A: I’ll answer your questions in reverse order. First, headings and titles. A title should be both a teaser – something that will get people interested in reading the story – and a promise – something that gives them a true sense of what sort of story it might be. So, for example, if your story is funny, it’s good to have a funny title – but you wouldn’t want a funny title on a serious book, because it would be like promising something and then not delivering it. If I’m having trouble finding a title I will often do a brainstorm – i.e. set a timer for five minutes and write down as many titles as I can think of in that time. I don’t worry about whether they are any good, I just write down anything that comes into my head. Then at the end I look through them and throw out the dreadful ones, and usually end up with a short list. Once you’ve got a list, it can be good to test the titles out on a friend or two – ask them which titles would make them want to read the book (this is REALLY important – a good title will make people really want to read it), and what sort of book they think it might be.
Secondly, length. I wouldn’t worry too much about length at this stage. Some chapter books are short, some are long. The most important question is not how long it is, but whether you have told the story as well as you possibly can. Sometimes a writer will rush over bits of the story that should be told in great detail, and this will make it shorter than it should be. Other times they will write too much detail, and it will be longer than it should be. The best way to judge is to put your story away for at least a month and not look at it in that time. Work on something else and forget about it totally. When you come back to it you will have a bit of distance from it and will be able to judge it more clearly and see what is wrong and what is right and what needs to be changed. This is also the best way of finding out if it makes enough sense.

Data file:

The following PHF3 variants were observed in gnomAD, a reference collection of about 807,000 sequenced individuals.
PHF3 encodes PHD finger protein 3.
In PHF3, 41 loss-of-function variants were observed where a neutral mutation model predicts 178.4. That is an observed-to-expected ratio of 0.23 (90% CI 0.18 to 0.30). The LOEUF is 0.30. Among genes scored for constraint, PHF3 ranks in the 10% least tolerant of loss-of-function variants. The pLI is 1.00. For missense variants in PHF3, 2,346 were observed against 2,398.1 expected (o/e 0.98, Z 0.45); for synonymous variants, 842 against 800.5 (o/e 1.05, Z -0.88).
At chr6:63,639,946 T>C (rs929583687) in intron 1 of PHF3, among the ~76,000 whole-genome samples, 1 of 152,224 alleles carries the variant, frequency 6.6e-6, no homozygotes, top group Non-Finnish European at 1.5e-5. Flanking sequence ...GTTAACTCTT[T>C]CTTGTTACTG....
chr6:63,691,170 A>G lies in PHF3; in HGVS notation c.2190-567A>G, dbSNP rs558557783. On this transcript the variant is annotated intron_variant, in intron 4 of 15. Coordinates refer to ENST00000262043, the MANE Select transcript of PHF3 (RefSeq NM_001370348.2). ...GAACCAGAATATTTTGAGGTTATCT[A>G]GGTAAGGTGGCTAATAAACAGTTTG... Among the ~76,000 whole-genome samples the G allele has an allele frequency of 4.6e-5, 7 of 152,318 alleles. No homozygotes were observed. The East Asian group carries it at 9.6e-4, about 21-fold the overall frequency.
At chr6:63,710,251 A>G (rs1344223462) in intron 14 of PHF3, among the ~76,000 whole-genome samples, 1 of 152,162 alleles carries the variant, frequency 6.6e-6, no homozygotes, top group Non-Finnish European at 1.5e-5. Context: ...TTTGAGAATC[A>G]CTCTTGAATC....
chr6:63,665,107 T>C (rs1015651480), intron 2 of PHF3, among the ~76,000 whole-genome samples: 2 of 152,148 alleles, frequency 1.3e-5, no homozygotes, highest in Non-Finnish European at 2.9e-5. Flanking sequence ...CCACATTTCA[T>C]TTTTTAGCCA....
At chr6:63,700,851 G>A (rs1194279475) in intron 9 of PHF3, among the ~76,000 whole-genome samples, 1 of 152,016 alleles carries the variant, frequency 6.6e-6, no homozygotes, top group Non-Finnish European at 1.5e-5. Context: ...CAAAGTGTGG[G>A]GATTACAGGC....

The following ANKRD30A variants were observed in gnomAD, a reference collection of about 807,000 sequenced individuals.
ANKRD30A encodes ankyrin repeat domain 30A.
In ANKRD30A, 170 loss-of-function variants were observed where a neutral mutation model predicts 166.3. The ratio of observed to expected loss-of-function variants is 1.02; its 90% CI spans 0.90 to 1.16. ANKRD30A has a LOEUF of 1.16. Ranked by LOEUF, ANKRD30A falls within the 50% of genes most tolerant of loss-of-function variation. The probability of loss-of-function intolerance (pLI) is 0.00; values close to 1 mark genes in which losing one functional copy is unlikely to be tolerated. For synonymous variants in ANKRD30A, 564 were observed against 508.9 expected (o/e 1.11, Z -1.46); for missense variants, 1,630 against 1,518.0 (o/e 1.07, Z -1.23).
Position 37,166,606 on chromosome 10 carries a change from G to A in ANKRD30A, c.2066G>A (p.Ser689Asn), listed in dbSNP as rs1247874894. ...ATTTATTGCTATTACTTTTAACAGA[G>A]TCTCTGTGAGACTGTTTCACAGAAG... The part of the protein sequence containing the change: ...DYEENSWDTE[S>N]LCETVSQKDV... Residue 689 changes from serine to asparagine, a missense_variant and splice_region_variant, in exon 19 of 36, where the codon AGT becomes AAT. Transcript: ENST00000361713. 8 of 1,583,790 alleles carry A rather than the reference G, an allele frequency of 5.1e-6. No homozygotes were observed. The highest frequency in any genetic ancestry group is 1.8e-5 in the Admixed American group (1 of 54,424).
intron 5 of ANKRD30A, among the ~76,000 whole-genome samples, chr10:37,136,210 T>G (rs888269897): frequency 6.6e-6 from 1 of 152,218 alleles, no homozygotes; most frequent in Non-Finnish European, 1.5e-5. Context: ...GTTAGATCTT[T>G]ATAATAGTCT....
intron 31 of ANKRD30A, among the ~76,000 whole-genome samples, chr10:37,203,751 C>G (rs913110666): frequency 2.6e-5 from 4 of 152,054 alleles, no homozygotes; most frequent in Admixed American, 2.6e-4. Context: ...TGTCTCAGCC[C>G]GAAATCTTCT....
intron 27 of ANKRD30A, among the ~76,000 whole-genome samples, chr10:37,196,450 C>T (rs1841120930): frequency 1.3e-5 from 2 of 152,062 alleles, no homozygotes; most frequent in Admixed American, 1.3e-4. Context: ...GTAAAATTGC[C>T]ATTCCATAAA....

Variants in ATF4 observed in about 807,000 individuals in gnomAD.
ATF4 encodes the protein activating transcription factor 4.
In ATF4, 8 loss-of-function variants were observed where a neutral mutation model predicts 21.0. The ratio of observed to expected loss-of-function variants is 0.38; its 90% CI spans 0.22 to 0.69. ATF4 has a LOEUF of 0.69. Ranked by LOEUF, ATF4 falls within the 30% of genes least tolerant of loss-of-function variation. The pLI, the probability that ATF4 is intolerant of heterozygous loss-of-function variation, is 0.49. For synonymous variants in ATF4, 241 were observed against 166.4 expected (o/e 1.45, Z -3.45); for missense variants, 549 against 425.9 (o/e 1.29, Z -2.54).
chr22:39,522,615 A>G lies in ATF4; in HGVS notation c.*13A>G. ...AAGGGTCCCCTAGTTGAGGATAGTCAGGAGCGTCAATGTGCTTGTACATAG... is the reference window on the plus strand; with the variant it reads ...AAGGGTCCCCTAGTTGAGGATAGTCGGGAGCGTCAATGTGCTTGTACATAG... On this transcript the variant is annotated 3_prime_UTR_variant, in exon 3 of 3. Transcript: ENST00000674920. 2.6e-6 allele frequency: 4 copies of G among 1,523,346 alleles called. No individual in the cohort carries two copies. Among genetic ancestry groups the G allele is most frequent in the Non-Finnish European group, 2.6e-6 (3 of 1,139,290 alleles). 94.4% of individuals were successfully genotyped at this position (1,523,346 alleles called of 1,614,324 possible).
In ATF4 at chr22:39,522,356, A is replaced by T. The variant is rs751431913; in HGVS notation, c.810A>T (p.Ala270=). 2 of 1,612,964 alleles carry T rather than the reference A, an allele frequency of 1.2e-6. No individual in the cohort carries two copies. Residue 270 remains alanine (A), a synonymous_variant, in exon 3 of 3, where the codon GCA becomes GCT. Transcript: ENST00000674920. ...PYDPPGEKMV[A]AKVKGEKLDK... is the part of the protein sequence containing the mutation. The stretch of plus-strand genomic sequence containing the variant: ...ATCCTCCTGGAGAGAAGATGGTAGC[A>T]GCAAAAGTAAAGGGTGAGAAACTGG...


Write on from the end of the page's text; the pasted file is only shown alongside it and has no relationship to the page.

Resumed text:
Thirdly, adjectives. Taking a break from the book will also help with these – when you come back to read it after a month you will be better able to see if the adjectives are good ones or not. Generally as a writer you don’t want to rely too much on adjectives. Most of us overuse them when we are starting out, and it can be a good exercise to go through your work and see how many of them you can get rid of – this can really improve a story. It’s important not to put in an adjective just for the sake of it – only use them when they are necessary. So, do we need to know that someone has blonde hair? Maybe not, if it’s not an important part of the story. But we DO need to know that they have cruel eyes, because it tells us something about their character. You’ll find that verbs are usually more important than adjectives in creating a picture in your reader’s head. Verbs are the engine room of your writing – they are what gives it power. Words like ‘blundered’, ‘staggered’, ‘crept’, ‘stalked’, ‘rushed’ give us such a wonderful idea of what a character is doing. So when you come back to your book after a month’s break, check your verbs and make sure that they are nice and strong, especially in the exciting bits. (Of course if someone is simply walking down the road, you would simply use ‘walk’. )